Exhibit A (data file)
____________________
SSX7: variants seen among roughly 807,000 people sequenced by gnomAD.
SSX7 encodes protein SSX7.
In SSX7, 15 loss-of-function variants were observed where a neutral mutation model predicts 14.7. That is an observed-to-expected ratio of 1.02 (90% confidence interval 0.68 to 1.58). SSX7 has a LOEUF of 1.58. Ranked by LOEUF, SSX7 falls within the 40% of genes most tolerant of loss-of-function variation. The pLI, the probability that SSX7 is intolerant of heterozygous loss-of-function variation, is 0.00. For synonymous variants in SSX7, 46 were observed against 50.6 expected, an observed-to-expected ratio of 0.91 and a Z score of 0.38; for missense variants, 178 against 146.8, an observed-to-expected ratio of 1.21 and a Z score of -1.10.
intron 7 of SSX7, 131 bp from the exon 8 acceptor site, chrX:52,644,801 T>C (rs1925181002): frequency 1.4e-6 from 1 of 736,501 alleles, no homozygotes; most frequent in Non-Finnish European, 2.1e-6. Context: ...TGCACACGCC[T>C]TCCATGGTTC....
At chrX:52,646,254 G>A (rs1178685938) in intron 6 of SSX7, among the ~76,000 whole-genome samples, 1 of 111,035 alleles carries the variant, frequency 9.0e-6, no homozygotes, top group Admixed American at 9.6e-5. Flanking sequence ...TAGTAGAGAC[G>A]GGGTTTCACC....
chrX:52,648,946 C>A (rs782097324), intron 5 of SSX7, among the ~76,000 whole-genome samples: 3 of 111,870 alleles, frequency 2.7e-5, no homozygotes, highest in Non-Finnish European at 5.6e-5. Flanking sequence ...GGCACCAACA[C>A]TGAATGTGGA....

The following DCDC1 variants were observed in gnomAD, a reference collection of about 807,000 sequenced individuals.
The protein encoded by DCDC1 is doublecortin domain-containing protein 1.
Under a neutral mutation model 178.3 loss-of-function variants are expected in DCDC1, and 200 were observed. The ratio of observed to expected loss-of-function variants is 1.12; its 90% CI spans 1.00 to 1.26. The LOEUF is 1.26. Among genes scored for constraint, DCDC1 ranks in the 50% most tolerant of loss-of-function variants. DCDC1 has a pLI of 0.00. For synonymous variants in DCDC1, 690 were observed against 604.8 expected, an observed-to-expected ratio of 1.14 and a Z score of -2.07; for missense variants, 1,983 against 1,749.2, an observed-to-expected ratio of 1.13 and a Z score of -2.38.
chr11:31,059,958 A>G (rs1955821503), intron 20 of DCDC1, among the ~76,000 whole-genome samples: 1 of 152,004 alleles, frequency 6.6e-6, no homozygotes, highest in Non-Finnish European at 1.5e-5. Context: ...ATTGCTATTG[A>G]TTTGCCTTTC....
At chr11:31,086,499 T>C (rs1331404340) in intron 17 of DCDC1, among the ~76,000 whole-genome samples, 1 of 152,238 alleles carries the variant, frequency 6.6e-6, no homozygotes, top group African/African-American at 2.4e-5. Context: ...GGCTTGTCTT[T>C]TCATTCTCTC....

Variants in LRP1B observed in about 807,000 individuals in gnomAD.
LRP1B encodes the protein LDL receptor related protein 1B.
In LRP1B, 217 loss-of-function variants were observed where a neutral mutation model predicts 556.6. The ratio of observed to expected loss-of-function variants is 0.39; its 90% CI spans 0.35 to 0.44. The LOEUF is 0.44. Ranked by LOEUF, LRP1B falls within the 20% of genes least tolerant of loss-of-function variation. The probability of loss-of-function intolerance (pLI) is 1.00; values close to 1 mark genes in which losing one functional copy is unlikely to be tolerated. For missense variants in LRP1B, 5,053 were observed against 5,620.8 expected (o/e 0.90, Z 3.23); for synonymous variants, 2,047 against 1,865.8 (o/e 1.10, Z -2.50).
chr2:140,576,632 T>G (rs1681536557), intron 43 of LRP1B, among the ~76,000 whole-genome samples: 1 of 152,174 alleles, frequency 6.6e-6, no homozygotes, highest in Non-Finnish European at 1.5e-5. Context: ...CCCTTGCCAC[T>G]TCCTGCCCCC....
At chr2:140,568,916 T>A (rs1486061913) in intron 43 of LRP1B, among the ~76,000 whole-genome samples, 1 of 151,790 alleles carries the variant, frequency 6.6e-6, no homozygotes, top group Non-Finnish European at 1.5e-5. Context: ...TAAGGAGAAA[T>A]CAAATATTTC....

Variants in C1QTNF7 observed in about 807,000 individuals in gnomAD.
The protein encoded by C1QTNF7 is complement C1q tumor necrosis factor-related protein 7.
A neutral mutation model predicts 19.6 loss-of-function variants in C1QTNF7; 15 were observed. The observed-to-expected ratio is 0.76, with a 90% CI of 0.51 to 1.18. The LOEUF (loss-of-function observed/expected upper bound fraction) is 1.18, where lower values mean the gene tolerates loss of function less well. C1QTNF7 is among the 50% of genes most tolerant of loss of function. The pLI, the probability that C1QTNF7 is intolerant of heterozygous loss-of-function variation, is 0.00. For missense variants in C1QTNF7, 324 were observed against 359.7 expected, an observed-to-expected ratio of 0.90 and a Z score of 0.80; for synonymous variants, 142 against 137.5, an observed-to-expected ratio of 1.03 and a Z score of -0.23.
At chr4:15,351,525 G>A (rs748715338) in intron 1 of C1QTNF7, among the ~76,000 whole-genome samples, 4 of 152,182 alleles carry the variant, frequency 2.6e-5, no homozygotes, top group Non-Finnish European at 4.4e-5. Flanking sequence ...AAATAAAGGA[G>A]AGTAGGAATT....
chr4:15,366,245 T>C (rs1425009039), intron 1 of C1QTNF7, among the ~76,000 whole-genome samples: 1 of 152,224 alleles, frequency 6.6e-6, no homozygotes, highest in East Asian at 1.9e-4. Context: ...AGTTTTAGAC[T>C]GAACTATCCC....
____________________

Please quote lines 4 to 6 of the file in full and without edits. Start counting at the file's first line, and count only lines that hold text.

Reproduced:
intron 7 of SSX7, 131 bp from the exon 8 acceptor site, chrX:52,644,801 T>C (rs1925181002): frequency 1.4e-6 from 1 of 736,501 alleles, no homozygotes; most frequent in Non-Finnish European, 2.1e-6. Context: ...TGCACACGCC[T>C]TCCATGGTTC....
At chrX:52,646,254 G>A (rs1178685938) in intron 6 of SSX7, among the ~76,000 whole-genome samples, 1 of 111,035 alleles carries the variant, frequency 9.0e-6, no homozygotes, top group Admixed American at 9.6e-5. Flanking sequence ...TAGTAGAGAC[G>A]GGGTTTCACC....
chrX:52,648,946 C>A (rs782097324), intron 5 of SSX7, among the ~76,000 whole-genome samples: 3 of 111,870 alleles, frequency 2.7e-5, no homozygotes, highest in Non-Finnish European at 5.6e-5. Flanking sequence ...GGCACCAACA[C>A]TGAATGTGGA....